Friday, March 25, 2011
Franco Friday #9: Count Dracula
Thank you (in advance) for not storming the place with torches and pitchforks.
Franco Friday #9:
Directed by Jess Franco
Starring Christopher Lee, Herbert Lom, Klaus Kinski, Soledad Miranda, Maria Rohm
Johnathan Harker (played by Fred Williams) has been hired by Count Dracula (Christopher Lee) to help him find residence in England. Harker ventures out to Transylvania to meet the Count and some spooky shit happens. Long story short, Harker ends up in a sanitarium to recover from nervous exhaustion and the Count has a new home in a big ass creepy house. Dr. Van Helsing (Herbert Lom) is treating Harker and tells his fiance Mina (Maria Rohm) to chill while he recuperates. Ever since the Count's arrival in town, one of Van Helsing's patients, Renfield (Klaus Kinski), has been going apeshit in his cell.
Next thing you know, Mina's friend Lucy (played by Soledad Miranda) is attacked by the Count (cleverly disguised as a bat-like creature) and drained of some of her blood. While Lucy fades away, Mina begins to suspect that this mysterious Count is to blame. After Lucy "dies", Van Helsing, with the help of Harker and Lucy's beau, Quincy Morris (Jack Taylor), discovers the proof he needs to prove beyond a shadow of a doubt that Count Dracula is none other than Count Dracula himself, VAMPIRE! The Count gets mad and summons a dragon with laser beams to shoot out Van Helsing's eyes. The end.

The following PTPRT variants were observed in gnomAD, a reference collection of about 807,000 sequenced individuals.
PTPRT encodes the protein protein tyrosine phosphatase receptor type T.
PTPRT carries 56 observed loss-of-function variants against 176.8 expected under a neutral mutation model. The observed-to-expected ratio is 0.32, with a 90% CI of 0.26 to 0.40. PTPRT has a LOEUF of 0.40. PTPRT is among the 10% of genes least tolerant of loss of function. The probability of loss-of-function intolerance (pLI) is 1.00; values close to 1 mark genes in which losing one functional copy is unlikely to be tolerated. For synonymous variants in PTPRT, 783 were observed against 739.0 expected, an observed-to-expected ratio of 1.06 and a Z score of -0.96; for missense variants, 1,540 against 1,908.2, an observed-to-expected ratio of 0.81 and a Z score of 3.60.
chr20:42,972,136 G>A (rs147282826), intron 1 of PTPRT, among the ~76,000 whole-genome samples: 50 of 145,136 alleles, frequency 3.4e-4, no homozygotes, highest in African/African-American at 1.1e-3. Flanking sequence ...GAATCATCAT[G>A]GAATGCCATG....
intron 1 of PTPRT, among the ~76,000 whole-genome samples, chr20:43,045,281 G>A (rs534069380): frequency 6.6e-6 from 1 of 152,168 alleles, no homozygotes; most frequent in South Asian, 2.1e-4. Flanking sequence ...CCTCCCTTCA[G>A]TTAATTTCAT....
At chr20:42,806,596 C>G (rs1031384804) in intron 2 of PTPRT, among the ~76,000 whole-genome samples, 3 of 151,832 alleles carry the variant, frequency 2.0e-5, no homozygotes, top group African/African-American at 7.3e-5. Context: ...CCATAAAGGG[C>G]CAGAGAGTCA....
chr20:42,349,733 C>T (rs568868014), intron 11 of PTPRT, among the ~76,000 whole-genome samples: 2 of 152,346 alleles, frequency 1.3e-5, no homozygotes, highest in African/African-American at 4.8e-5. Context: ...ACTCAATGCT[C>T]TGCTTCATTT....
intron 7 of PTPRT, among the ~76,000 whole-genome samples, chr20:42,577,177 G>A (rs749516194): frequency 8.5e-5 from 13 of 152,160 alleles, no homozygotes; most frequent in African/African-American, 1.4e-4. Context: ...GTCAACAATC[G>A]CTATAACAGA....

Jess Franco's and Christopher Lee's attempt to make a more traditional version of Bram Stoker's book is rather successful, I guess. I wish they had attempted to breathe a little life into the old story instead of trying (and failing) to follow it quite so... seriously(?). Jeez, Count Dracula just ain't cuttin' the mustard in the department that some people call "entertainment value". There is plenty of atmosphere in parts and some effective moments but this film runs out of steam (and money) way, way before the credits roll. Basically, this Count Dracula only comes to life when Christopher Lee delivers an awesome monologue and then again when Dracula goes after Lucy. As usual, there's just something magical about Soledad Miranda that just lights up the screen.
Cinematographers Luciano Trasatti and Manuel Merino and composer Bruno Nicolai do their jobs wonderfully and at least make this film easy on the eyes and ears. There is a pretty wild scene where some stuffed wild game come to life but it's just not enough to save the day. A slightly larger budget may have helped this one a little (especially with how listless and cheap Dracula's demise plays out) but come on, this is Franco! When did he ever NEED a bigger budget? Seriously! It feels silly even typing that but something is just wrong here.
I don't know, I'm not sure what else to say. This movie has a few good scenes but overall it is just too drowsy and too stiff. Count Dracula got my hopes up once things finally got moving but then it settled back into the tedium. Franco fans and Dracula nuts will definitely find some good things about this movie with its moments of gothic beauty and hilarity (when Lucy faints, I swear Van Helsing uses the opportunity to cop a feel) but yeah, this nearly bloodless melodrama just didn't do it for me.